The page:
PARIS: President Emmanuel Macron will seek to rally urgent aid for Lebanon but is also expected to press for overdue reform in France's ex-colony on the first visit by a world leader to Beirut after the deadly port blast.
His trip on Thursday (Aug 6) comes just two days after the blast – blamed on an unsecured store of ammonium nitrate at the Beirut port – killed over 100 people and destroyed entire neighbourhoods.
It was the latest blow to a country already reeling from an unprecedented economic crisis and political turbulence.
But the apparent negligence that led to the blast has only amplified exasperation with the political elite across Lebanon's different confessional communities.
"I will go to Beirut tomorrow (Thursday) to bring the Lebanese people a message of fraternity and solidarity from the French," Macron wrote on Twitter.
"We will discuss the situation with the political authorities," he added.
The president's Elysee Palace office said Macron will "meet all political actors", including President Michel Aoun and Prime Minister Hassan Diab.
"The fact that Emmanuel Macron has so rapidly taken the bull by the horns and is coming to Beirut is being warmly welcomed in Lebanon," said Karim Emile Bitar, professor of international relations at Saint Joseph University in Beirut.
He said the visit recalled that of the trip made by former president Jacques Chirac in the wake of the assassination of tycoon and former premier Rafiq Hariri in Beirut in 2005.
Both sides will be hoping it goes more smoothly than a trip last month by France's top diplomat Jean-Yves Le Drian, who scolded Lebanon's political elite for being too "passive" in the face of an economic crisis compounded by the coronavirus pandemic.
In the aftermath of that visit, Foreign Minister Nassif Hitti resigned in protest at his government's lack of crisis management.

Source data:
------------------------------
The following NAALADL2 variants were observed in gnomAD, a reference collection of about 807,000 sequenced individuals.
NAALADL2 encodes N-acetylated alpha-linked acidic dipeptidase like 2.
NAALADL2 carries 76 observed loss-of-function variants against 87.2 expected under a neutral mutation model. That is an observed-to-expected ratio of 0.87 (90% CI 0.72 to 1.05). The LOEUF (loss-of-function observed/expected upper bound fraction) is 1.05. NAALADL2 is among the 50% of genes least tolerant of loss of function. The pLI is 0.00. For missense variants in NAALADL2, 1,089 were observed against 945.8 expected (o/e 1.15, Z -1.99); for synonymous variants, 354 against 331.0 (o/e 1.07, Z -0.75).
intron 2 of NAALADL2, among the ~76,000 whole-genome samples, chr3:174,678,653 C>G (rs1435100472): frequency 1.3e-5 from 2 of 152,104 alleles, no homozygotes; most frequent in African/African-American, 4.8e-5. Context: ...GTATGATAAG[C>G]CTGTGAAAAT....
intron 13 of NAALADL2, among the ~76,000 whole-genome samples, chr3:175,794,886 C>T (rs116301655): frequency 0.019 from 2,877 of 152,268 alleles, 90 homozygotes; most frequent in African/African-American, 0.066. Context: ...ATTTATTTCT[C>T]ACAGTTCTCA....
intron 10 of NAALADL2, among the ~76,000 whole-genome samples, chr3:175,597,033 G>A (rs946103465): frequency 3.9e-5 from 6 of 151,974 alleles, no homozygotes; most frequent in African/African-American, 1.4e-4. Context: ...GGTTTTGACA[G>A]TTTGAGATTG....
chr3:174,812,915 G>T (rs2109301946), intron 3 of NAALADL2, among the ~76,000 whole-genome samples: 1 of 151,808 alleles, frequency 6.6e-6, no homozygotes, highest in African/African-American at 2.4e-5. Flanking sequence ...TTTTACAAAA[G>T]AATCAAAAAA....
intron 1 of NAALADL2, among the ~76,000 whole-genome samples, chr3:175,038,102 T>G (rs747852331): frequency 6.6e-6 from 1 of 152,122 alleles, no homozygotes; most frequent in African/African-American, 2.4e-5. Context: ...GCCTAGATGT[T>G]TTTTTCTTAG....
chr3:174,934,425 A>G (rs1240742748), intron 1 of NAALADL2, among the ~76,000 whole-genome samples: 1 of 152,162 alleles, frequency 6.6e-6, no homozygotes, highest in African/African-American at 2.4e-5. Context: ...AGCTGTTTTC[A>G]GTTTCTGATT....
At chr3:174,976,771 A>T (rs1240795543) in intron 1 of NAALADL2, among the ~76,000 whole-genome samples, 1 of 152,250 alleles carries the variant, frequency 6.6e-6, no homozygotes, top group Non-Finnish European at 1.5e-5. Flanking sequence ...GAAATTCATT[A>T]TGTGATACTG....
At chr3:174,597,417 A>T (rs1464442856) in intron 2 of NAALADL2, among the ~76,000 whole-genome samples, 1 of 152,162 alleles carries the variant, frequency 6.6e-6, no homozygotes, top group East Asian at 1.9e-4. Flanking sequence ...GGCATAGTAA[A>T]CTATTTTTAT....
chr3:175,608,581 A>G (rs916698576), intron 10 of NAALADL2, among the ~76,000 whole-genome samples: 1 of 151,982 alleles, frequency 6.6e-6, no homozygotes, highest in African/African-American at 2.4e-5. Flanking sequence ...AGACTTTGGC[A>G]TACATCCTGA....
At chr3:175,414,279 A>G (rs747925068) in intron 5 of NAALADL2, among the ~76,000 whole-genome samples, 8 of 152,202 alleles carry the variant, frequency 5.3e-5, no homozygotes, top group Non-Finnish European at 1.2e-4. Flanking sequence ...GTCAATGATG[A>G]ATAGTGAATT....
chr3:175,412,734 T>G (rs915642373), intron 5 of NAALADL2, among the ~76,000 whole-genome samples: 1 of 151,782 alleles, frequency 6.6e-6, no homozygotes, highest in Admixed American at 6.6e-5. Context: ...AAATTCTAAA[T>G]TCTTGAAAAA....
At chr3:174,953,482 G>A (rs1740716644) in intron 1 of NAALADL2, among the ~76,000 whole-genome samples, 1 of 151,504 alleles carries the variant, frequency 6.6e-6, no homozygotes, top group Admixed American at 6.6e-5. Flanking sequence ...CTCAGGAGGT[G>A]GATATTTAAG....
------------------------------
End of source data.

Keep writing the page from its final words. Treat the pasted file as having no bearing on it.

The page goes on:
Le Drian had reaffirmed the message from his own Beirut trip that reforms were essential for Lebanon to move on.
"The country has the necessary strength to recover – what is needed is that a certain number of reforms are put in place," he said.
Bitar said the visit should not in anyway serve as a "lifeline" for Lebanon's political class but continue the pressure for reform from unprecedented protests last year.
"Aid needs to be made conditional on structural reform and reform of the Lebanese political system so that a new political class emerges," he told AFP.
Analysts say the sheer fact that 2,750 tonnes of ammonium nitrate were left unsecured in a warehouse close to the city centre demands immediate answers from those ruling Lebanon.
Valerie Levallois, vice president of the Institute of Research on the Mediterranean and Middle East (IREMMO), said France knew that Lebanon's political system was "running out of breath".
But she expressed concern Macron would not give a "clear message" on the visit and instead "continue this fiction that there is a Lebanese state when there is not one.
"If there was a functioning state, this explosion would never have happened," she added.